At the top of a steep, snowy slope on Hampstead Heath a few winters back, so the story goes, a disparate group of north London parents were expressing mild concern to one another about their unruly children, tobogganing down the ice together on assorted tea trays and sledges. “It’s an accident waiting to happen,” agreed one slim man in a grey beanie hat, looking round good-naturedly. In response the other parents started edging away, as of one mind, and the friendly banter froze in the frosty air. Yet there was nothing visibly wrong with this father. Far from it. In fact, he was near perfect. He was also, they had realised, David Beckham.
For all the vast, enviable wealth revealed last week in the joint Beckham family bank account, each of its members – father, mother, three sons and a little daughter – are condemned to walk a strangely isolated path through the world. High levels of grooming, good looks and international fame ensure that David and Victoria, his wife of 17 years, and their children rarely pass among us without provoking, at most, a paparazzi frenzy and, at least, a moment of social awkwardness.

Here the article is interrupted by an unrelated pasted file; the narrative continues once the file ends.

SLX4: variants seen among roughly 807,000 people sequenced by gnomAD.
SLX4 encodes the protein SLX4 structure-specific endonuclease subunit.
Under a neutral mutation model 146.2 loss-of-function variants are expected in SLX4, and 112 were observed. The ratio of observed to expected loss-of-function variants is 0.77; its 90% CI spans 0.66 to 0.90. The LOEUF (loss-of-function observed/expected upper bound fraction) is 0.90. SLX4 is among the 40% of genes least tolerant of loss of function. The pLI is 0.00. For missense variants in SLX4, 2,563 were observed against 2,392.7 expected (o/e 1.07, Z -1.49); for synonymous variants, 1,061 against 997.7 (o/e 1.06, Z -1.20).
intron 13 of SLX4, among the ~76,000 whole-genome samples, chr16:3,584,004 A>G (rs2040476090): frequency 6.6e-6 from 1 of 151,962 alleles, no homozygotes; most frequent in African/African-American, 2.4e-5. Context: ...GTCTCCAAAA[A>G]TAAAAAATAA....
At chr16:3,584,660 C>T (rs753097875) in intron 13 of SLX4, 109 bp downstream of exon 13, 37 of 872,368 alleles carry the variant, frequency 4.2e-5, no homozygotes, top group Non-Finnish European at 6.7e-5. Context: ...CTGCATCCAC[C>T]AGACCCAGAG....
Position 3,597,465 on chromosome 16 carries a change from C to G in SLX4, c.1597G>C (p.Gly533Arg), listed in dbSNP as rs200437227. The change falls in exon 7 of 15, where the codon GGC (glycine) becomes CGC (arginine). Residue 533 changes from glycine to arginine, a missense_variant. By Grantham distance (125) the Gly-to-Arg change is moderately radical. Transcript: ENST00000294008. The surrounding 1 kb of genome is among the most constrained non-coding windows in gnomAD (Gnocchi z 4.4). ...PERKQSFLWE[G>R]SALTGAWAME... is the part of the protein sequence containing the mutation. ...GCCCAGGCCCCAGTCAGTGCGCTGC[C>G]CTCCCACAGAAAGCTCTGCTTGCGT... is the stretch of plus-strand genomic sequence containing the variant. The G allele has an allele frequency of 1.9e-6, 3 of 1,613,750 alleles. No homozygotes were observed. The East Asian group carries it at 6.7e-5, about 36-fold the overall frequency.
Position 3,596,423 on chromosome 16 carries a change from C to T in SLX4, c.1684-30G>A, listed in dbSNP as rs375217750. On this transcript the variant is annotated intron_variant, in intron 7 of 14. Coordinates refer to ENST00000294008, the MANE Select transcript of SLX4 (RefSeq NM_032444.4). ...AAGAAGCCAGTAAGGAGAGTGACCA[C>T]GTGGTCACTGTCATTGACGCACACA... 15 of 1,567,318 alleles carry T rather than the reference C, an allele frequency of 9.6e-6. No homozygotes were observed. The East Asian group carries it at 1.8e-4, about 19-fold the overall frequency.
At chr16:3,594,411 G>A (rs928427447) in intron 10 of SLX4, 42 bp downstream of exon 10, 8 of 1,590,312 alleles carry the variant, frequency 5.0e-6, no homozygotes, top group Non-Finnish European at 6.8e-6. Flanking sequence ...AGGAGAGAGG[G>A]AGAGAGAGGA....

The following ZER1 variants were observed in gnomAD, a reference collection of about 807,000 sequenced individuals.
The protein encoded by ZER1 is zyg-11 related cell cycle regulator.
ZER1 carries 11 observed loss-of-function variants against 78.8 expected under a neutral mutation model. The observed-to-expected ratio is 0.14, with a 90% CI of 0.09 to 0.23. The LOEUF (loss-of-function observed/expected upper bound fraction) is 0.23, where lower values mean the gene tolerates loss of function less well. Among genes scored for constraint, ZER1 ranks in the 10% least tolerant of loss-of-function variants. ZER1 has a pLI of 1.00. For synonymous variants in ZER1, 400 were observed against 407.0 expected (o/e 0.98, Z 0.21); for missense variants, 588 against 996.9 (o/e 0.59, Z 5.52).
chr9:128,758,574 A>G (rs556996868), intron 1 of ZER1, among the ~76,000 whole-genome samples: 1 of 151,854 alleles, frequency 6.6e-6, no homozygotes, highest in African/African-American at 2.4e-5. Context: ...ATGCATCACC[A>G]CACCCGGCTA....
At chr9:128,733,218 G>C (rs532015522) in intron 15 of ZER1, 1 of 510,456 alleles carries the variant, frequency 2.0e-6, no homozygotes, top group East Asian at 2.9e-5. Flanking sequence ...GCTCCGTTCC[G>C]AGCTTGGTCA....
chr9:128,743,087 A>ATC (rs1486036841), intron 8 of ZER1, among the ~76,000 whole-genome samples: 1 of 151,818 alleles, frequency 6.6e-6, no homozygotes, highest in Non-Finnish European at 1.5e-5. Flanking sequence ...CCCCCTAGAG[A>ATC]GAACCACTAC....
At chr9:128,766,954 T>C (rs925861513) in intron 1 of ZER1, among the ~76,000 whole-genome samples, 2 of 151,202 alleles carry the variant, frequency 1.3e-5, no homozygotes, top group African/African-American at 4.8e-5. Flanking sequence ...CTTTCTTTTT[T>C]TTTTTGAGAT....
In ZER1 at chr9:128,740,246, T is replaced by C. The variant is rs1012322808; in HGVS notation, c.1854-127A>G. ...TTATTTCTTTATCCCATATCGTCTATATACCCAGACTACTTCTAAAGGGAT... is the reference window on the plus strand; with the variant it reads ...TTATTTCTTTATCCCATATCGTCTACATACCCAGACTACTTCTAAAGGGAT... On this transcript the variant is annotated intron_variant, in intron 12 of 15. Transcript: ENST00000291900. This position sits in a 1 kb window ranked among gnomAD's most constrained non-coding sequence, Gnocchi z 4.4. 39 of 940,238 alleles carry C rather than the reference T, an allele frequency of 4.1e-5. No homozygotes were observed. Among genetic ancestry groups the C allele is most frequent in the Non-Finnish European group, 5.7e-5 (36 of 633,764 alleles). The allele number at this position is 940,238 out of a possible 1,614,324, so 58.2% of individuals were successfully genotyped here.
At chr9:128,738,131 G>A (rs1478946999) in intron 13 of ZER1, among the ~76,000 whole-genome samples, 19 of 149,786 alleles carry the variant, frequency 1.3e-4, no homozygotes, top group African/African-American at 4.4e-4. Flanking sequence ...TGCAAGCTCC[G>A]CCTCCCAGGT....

On Friday, Beckham père had another crack at normal seasonal fun. He gamely took his children along to sample the tinselly delights of Hyde Park’s annual Winter Wonderland fairground. Flanked by a bodyguard, their every move was snapped by photographers. Some might think this a fair exchange for daily luxury and the security of knowing you and your family will always be able to afford the best of everything, but it does also mean that a celebrity couple once affectionately ridiculed for the ordinariness of their outlook now operate on a restrictive level of status previously reserved for heads of state. Their riches, estimated at more than £500m, actually make them better off than the Queen.